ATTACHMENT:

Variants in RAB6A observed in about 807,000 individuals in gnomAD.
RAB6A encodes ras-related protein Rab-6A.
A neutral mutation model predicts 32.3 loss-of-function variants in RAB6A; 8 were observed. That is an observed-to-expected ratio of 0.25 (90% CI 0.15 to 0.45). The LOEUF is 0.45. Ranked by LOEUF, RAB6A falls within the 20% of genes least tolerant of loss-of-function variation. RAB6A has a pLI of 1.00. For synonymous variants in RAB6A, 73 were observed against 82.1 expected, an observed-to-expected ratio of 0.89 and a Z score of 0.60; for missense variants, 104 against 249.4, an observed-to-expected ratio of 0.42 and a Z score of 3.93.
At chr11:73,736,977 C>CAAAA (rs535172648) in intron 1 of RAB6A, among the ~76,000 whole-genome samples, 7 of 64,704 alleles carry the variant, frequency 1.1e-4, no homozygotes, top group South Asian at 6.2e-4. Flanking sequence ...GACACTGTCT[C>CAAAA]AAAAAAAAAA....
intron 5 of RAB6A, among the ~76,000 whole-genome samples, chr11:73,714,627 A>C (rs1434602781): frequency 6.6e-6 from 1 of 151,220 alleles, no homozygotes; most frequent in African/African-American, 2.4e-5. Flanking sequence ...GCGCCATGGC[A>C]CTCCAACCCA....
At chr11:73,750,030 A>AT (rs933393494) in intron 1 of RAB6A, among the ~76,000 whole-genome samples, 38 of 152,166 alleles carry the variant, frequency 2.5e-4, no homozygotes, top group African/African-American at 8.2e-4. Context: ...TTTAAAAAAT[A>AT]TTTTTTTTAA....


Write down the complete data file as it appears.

Variants in RAB6A observed in about 807,000 individuals in gnomAD.
RAB6A encodes ras-related protein Rab-6A.
A neutral mutation model predicts 32.3 loss-of-function variants in RAB6A; 8 were observed. That is an observed-to-expected ratio of 0.25 (90% CI 0.15 to 0.45). The LOEUF is 0.45. Ranked by LOEUF, RAB6A falls within the 20% of genes least tolerant of loss-of-function variation. RAB6A has a pLI of 1.00. For synonymous variants in RAB6A, 73 were observed against 82.1 expected, an observed-to-expected ratio of 0.89 and a Z score of 0.60; for missense variants, 104 against 249.4, an observed-to-expected ratio of 0.42 and a Z score of 3.93.
At chr11:73,736,977 C>CAAAA (rs535172648) in intron 1 of RAB6A, among the ~76,000 whole-genome samples, 7 of 64,704 alleles carry the variant, frequency 1.1e-4, no homozygotes, top group South Asian at 6.2e-4. Flanking sequence ...GACACTGTCT[C>CAAAA]AAAAAAAAAA....
intron 5 of RAB6A, among the ~76,000 whole-genome samples, chr11:73,714,627 A>C (rs1434602781): frequency 6.6e-6 from 1 of 151,220 alleles, no homozygotes; most frequent in African/African-American, 2.4e-5. Flanking sequence ...GCGCCATGGC[A>C]CTCCAACCCA....
At chr11:73,750,030 A>AT (rs933393494) in intron 1 of RAB6A, among the ~76,000 whole-genome samples, 38 of 152,166 alleles carry the variant, frequency 2.5e-4, no homozygotes, top group African/African-American at 8.2e-4. Context: ...TTTAAAAAAT[A>AT]TTTTTTTTAA....